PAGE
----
E-commerce is growing rapidly.
According to the U.S. Department of Commerce’s latest figures, e-commerce sales in the third quarter of 2017 accounted for 9.1 percent of total U.S. retail sales.1 And it’s expected to account for 17 percent of all U.S. retail sales by 2022, according to Forrester Research. At the same time, payment technology is continuing to evolve at a blistering pace, giving retailers the ability to accept a wide range of payments and radically simplifying the payment experience for shoppers.
In other words, increasingly more consumers are choosing to visit retail websites online or on their mobile devices, where they are able to make payments quickly and easily with the touch of a button. Given these combined trends, any forward-thinking retail brand may want to make developing the best possible e-commerce experience a priority.
However, before a customer can make a purchase from an e-commerce site, they must be able to find that site. That's where search engine optimization, or SEO, is essential. While many businesses rightfully invest resources in building a great looking website, they often overlook core SEO strategies that can help them gain more customers in the first place by potentially raising the ranking and, therefore, visibility of your site in search engines. Here are four SEO strategies that can help drive e-commerce growth.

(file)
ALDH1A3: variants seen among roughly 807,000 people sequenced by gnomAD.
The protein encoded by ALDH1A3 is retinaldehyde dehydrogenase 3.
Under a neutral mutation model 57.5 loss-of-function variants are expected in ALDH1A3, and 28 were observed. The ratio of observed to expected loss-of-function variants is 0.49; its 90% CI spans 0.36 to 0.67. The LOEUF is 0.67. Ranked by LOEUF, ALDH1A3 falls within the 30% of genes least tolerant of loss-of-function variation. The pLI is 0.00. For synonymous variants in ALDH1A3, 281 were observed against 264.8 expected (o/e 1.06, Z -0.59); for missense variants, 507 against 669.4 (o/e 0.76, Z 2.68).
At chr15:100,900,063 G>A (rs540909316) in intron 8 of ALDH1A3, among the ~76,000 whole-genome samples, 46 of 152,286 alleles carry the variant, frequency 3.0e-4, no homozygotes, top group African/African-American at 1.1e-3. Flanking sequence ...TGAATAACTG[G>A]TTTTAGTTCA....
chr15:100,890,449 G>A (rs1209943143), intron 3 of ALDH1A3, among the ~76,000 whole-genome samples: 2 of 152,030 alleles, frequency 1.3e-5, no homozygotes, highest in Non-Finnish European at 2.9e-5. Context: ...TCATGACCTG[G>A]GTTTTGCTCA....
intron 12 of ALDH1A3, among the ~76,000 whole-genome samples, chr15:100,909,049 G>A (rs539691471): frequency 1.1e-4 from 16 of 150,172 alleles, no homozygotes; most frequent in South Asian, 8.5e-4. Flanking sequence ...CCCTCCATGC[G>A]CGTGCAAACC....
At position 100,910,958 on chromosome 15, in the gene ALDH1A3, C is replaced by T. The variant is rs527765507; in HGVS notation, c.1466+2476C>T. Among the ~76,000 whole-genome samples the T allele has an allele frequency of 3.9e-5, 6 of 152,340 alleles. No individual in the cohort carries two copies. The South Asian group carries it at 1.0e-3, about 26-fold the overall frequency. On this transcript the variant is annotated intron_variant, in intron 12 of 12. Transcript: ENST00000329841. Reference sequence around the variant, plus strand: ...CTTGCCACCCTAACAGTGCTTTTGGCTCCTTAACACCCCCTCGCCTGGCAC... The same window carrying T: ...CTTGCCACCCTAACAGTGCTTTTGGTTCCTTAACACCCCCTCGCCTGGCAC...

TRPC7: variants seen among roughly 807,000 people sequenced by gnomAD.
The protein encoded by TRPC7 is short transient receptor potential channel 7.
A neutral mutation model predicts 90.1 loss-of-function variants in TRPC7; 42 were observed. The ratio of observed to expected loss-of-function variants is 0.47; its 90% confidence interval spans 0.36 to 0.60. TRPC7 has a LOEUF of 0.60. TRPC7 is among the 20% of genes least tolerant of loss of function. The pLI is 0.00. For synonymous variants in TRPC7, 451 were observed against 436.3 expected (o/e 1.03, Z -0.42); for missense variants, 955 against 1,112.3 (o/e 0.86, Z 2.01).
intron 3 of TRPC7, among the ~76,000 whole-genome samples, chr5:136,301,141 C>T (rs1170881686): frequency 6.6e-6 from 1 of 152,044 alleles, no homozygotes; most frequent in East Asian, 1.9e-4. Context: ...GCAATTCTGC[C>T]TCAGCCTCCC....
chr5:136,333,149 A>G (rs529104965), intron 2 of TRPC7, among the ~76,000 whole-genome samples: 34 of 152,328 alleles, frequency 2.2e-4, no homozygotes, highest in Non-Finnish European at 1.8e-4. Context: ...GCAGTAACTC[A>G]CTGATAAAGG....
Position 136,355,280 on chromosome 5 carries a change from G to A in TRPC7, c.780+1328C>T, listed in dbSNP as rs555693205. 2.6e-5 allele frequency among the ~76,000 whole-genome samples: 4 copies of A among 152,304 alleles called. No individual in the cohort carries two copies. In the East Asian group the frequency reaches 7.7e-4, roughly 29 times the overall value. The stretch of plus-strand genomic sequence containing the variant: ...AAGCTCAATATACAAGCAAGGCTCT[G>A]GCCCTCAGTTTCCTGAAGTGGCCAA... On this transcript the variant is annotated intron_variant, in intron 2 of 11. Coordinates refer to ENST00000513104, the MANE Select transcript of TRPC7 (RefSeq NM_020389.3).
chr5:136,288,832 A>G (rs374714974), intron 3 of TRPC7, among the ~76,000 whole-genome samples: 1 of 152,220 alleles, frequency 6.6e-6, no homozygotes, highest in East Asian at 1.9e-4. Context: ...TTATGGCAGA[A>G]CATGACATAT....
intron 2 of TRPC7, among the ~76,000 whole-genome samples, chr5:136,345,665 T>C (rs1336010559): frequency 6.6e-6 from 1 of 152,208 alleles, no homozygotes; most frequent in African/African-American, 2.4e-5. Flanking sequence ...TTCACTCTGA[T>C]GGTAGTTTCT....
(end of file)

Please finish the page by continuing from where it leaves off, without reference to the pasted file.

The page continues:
1) Start with Solid Research
A successful SEO strategy begins with keyword research. Keyword research is important because it helps you understand how your customers are getting to your website, as well as what keywords your competitors are using to attract the same audience.
When investigating keywords, you should consider three things: